Well, personally, when I was growing up I really liked Mr. Rogers. He was a gentle, calming, wholesome experience for me. Fred never struck me as creepy, in fact, if you learn more about what he did to create the show and how he stood up to government to get it funded, plus the respect from everyone that worked with him, you will find he is anything but.

    wayne – I definitely remember Romper Room as I was actually on that program many times. Our family had a friend who was an ad exec and had ties to the local TV station so I was put on the show. Funny story: I was actually the safety lesson of the week on Romper Room. What happened was I was playing outside and got hit in the eye with a baseball and bat giving me a nice shiner. When I went on tv with the black eye, they made me the safety lesson. If that had happened in this day and age, I am sure CPS would have been called to investigate my parents.

    I also did a few commercials for a local grocery store chain as well. Anyways, great memories from my childhood.

  • Robert Pratt

    Fred Rogers was my favorite on morning TV as a child. He didn’t speak down to children.

  • “Romper Room” with Miss Mary Lynn


  • t-dub

    “You can grow ideas in the garden of your mind . . .”

  • Garry

    I grew up not liking Mr Rogers, but one day we watched him at my neighbor’s house. My neighbor had a alcoholic father who beat him and his brothers, a grouchy mother that we all called “Old Yeller” when out of her earshot, and an older brother who y physically bullied him constantly. Understandably, my friend was a pretty nervous kid.

    The day I came over and we watched Mr Rogers was the first time I ever saw my friend calm and relaxed; he was about 10, but I remember looking at him and thinking that he was acting like a 4 year old who was feeling safe and protected. I didn’t grow up in the most peaceful household myself, but I didn’t have it as bad as my friend. I wonder how many other kids around the country found some needed calm with Fred.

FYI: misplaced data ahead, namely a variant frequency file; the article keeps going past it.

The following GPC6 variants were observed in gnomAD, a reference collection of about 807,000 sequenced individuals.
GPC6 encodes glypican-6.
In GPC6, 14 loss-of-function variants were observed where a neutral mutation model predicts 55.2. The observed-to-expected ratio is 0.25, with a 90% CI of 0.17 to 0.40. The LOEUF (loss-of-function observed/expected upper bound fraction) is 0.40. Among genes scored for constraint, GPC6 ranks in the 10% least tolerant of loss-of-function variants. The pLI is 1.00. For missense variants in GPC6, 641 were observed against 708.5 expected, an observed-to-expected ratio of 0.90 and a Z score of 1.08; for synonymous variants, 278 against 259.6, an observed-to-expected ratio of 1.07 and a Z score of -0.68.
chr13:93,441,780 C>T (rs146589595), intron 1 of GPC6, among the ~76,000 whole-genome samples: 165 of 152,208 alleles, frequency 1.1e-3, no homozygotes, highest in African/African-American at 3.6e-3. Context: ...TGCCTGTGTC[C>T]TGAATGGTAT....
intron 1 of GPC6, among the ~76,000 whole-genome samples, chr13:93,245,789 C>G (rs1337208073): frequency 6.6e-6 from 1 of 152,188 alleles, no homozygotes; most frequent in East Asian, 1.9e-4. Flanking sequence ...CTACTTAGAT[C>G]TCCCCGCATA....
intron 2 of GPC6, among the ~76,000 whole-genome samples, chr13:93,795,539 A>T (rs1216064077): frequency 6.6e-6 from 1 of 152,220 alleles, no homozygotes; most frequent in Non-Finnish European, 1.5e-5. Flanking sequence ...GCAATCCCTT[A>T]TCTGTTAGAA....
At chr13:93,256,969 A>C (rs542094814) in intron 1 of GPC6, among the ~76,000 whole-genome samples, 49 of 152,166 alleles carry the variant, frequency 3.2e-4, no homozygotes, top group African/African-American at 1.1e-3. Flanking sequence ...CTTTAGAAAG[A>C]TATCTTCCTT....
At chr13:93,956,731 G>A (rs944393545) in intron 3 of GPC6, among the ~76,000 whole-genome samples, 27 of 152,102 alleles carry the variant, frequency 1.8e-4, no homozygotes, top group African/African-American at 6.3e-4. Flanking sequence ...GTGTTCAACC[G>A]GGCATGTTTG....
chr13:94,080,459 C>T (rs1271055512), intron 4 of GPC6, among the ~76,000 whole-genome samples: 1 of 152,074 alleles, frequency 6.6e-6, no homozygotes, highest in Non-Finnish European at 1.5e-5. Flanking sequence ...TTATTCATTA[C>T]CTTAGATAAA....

Years later I read an interview with Mr. Rogers, in which he described listening to a pastor and being completely uninspired. He was shocked when a woman commented to the pastor that his sermon was just what she needed that day, and she was inspired. Fred said that this was one of the main things he learned about being a pastor (one of his other roles): you’re not necessarily trying to inspire or interest your whole audience, and if you bring comfort to just a few members, you’re doing something right. Having seen his show’s effect on my childhood friend, that message really resonated with me.

  • wayne

    Mister Robinson’s Neighborhood: Summer
    SNL Season 8

  • wayne

    What’s My Line – Bob Keeshan

  • Jeff Wright

    He helped folks make it past 9/11.

    Things are so ugly today…it would break his heart.

  • Max

    I personally don’t remember Mr. Rogers neighborhood but my wife was raised on him and he was still on TV when my daughters were young.

    I remember watching Brady Bunch, Gilligans island, Star Trek before my older siblings came home and would change the channel on our black-and-white TV that had only three stations available to it.

    I do remember romper room… Or one similar that had a magic mirror?

    The rumors of Fred being a sniper in the military are not true. He was a puppeteer after college before public broadcasting and never served in the military.

  • wayne


    Gilligan’s Island Original Theme Song
    (unaired pilot 1964)